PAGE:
Old Testament
New Testament
Bible Studies


Date: 5th century BC


This book has many parallels to the book of Ezra. Nehemiah was a confidant in the court of the Persian king. The cause of his own people was dear to his heart. He learned of their difficulties in returning and asked permission to go to his country for help. His concern was for the city of Jerusalem, which would remain weak and vulnerable without repair of the walls. The energy and charisma of Nehemiah must have been great, because within 52 days the restoration of these walls was a fact.

Nehemiah also found broken lives among his people. Despondency reigned everywhere, the commandments of God were not kept, and religious indifference had become common among the priests. The situation was no better than before the exile. Nehemiah saw that something had to be done. His intervention led to reform, which restored the right spiritual and moral attitude to the people, the strangers in the land.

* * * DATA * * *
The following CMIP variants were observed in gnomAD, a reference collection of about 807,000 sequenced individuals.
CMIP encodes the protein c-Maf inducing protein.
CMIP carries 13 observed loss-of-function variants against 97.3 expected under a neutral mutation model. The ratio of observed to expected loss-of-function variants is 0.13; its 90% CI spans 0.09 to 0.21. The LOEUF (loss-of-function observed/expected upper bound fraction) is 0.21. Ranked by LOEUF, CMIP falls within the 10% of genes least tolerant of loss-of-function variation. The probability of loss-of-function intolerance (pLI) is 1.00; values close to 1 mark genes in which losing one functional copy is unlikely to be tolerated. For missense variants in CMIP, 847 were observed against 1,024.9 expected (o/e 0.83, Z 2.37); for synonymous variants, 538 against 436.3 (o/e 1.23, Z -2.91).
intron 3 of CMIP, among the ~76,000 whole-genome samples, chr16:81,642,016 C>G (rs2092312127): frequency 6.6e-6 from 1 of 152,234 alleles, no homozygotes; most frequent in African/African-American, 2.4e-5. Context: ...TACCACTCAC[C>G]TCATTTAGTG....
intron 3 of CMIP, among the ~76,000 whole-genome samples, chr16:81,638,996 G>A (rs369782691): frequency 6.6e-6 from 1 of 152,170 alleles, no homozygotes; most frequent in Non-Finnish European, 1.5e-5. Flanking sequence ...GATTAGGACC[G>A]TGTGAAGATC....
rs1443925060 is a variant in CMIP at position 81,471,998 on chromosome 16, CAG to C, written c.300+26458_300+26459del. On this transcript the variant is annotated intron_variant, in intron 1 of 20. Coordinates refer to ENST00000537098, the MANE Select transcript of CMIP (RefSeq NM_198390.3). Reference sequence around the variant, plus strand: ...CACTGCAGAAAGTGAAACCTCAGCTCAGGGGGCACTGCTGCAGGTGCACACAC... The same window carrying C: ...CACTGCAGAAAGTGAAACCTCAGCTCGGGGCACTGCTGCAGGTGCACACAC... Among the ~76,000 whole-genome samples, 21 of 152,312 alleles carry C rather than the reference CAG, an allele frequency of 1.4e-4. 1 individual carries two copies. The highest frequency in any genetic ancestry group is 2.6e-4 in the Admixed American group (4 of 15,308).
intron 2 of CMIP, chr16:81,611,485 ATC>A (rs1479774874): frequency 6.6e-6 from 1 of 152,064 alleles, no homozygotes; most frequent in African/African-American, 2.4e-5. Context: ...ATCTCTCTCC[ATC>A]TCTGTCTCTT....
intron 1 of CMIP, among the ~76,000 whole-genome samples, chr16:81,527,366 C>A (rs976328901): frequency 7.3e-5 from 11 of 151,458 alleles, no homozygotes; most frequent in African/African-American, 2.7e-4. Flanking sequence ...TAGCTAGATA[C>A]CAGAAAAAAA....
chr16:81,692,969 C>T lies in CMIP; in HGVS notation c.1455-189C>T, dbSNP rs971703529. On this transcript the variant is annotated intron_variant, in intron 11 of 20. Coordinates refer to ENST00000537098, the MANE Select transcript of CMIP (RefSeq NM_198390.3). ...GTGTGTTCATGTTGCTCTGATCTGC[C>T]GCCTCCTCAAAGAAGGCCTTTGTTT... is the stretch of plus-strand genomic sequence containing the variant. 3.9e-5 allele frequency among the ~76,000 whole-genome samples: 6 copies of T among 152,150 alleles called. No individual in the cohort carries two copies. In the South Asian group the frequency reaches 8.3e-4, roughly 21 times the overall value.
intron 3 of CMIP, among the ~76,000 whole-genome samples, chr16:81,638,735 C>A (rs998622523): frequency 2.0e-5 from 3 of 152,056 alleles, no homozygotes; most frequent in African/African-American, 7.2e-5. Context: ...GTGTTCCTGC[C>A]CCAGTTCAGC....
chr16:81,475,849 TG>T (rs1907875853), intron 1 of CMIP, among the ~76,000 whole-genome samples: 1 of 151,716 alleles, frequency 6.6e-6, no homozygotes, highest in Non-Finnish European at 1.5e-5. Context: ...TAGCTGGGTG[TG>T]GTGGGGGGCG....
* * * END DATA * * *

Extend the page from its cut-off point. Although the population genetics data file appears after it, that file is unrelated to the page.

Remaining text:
Nehemiah and Ezra, working at the same time, had different characters. Ezra was a strong, learned man who wanted to convince the people. Nehemiah was a man of action. He literally threw people on the street when necessary. They completed this job together.

Theological Themes

This book warns against the permanent danger of religious decay. We must remain alert. If religious wear was possible for this people, then it is possible for everyone.

Nehemiah shows that God uses all kinds of different people. Nehemiah and Ezra were different personalities, yet God uses them. When we open ourselves to Him, God will use us for His plan.

Main features

1. Restoration of the walls of Jerusalem (1:1-7:53),
2. The people's repentance (8:1-10:39),
3. The reformation of the land (11:1-13:31).